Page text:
So the next time your Red Flag Warnings fly and your emotions shoot up your Emotions Elevator, recognize what is happening, and step back.  Assess the situation by using the 10 Wise Ways.  And as was discussed last month, use BrainWise CPR problem-solving worksheets to practice applying your skills.  It won’t be long before you are making better choices.

Tags: ,

Girl under Stress

Girl under Stress

The October post discussed how stress is related to chronic disease and the importance of using BrainWise CPR to prevent and manage problems. Here are two examples from children and teens who have successfully used the 10 Wise Ways as their first response to deal with a range of issues.

BrainWise CPR Problem-Solving Worksheet: Practice Brings Behavior Changes. You may know what the 10 Wise Ways are, but do you apply them to problems? The problem-solving worksheet  is a fast and effective way to use your thinking skills. People have found that going through the steps helps them analyze the problem and come up with a solution. They are surprised to find that it does not take many times using the worksheet before the process becomes automatic, and suddenly they are using Wizard Brain thinking to replace Lizard Brain reacting!

The following story shows the positive consequences of using the worksheet with children. After hearing about the successful handing out of worksheets at another elementary school, the staff of an after school program requested their students fill out the BrainWise problem solving worksheet to address conflicts and other issues. The results were immediate and unexpected. Not only did the students resolve their problems, but they also helped each other fill out the worksheet. The staff found that the worksheet helped children see what they could have done differently, and to realize that the problem could have been prevented if they had used BrainWise skills.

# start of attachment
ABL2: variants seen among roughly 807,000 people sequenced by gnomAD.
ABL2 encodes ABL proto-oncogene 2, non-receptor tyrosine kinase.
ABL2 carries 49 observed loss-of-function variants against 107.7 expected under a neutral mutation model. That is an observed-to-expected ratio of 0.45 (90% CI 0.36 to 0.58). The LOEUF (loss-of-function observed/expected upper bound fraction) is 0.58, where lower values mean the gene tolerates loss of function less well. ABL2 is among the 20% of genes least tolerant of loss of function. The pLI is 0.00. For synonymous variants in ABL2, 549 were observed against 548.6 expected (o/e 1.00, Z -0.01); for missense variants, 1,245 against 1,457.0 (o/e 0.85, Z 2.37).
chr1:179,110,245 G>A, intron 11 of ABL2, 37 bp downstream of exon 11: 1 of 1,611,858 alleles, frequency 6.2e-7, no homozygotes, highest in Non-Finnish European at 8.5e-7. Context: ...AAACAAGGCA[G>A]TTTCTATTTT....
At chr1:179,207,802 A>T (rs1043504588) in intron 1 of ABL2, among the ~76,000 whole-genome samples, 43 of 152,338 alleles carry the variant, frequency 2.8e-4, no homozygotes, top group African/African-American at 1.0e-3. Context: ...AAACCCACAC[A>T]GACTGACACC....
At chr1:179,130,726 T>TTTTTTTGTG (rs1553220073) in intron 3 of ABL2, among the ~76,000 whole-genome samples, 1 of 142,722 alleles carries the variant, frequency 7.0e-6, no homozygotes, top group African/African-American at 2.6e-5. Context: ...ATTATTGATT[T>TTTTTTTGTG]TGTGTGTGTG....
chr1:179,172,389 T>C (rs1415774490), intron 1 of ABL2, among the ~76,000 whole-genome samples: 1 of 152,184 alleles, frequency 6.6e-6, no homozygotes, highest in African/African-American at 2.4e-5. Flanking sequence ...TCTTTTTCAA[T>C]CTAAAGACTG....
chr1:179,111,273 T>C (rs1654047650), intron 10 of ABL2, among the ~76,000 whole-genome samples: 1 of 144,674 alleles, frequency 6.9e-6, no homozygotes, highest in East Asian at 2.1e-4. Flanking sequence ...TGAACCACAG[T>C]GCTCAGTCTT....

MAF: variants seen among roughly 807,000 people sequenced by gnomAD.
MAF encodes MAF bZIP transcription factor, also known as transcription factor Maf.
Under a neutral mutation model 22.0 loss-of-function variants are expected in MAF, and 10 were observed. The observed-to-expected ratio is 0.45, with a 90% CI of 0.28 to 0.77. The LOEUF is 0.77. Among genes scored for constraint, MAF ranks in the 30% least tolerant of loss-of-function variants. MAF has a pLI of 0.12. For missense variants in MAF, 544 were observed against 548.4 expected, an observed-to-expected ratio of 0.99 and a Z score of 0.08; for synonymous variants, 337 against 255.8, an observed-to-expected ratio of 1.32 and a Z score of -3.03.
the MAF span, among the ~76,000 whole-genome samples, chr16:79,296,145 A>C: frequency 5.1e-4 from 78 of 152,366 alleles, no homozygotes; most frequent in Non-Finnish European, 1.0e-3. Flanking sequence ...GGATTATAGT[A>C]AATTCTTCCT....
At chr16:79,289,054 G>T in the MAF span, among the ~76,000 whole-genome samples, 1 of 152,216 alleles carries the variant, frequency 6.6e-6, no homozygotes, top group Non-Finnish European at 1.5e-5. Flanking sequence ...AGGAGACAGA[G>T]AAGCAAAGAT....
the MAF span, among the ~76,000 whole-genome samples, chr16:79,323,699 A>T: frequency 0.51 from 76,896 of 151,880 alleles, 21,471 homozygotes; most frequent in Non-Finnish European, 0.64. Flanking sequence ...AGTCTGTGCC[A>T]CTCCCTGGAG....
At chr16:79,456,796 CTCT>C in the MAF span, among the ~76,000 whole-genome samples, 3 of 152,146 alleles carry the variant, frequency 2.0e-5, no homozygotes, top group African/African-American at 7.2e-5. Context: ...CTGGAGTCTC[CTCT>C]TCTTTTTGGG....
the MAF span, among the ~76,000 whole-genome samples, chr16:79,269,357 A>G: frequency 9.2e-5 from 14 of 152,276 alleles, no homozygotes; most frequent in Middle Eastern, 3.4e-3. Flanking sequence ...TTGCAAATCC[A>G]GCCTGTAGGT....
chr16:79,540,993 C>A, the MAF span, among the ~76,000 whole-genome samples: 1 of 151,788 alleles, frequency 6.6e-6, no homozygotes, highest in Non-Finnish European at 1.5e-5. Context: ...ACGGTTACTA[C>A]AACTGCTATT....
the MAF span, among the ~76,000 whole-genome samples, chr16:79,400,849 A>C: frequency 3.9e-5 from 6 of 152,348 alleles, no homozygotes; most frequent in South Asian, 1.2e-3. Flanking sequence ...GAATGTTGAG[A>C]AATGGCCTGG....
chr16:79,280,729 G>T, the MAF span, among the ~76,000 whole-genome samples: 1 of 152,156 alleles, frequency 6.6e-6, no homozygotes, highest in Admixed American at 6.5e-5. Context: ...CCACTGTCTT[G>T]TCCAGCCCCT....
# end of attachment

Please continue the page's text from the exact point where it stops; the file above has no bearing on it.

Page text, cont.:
The director said the activity “helped get the BrainWise message across in a more hands-on way,” provided an opportunity for the children to “connect the dots,” and guided them to realize that they do have control over their emotions and can successfully deal with their issues by themselves. This “has been a blessing. Before, the smallest issue would take hours for children to get over, even when the staff thought the issue had been resolved.”

handshakeBrainWise CPR Is Successful for Anger Management. Tenille, a teenage mother and high-school sophomore known for her explosive temper, was placed by the school counselor in a BrainWise class. Tenille showed her BrainWise skills when the new girlfriend of the father of her child came to her locker and taunted her. A crowd gathered, expecting a fight. Instead, Tenille closed her locker and walked away. She said that she thought about the consequences of getting into a fight. “I realized that it was not worth getting kicked out of school over a stupid boy.”

Parents and educators “need to teach information literacy as soon as children can push a button.”
Carla Hayden, PhD, 14th librarian of Congress

Carla Hayden, PhD, 14th librarian of Congress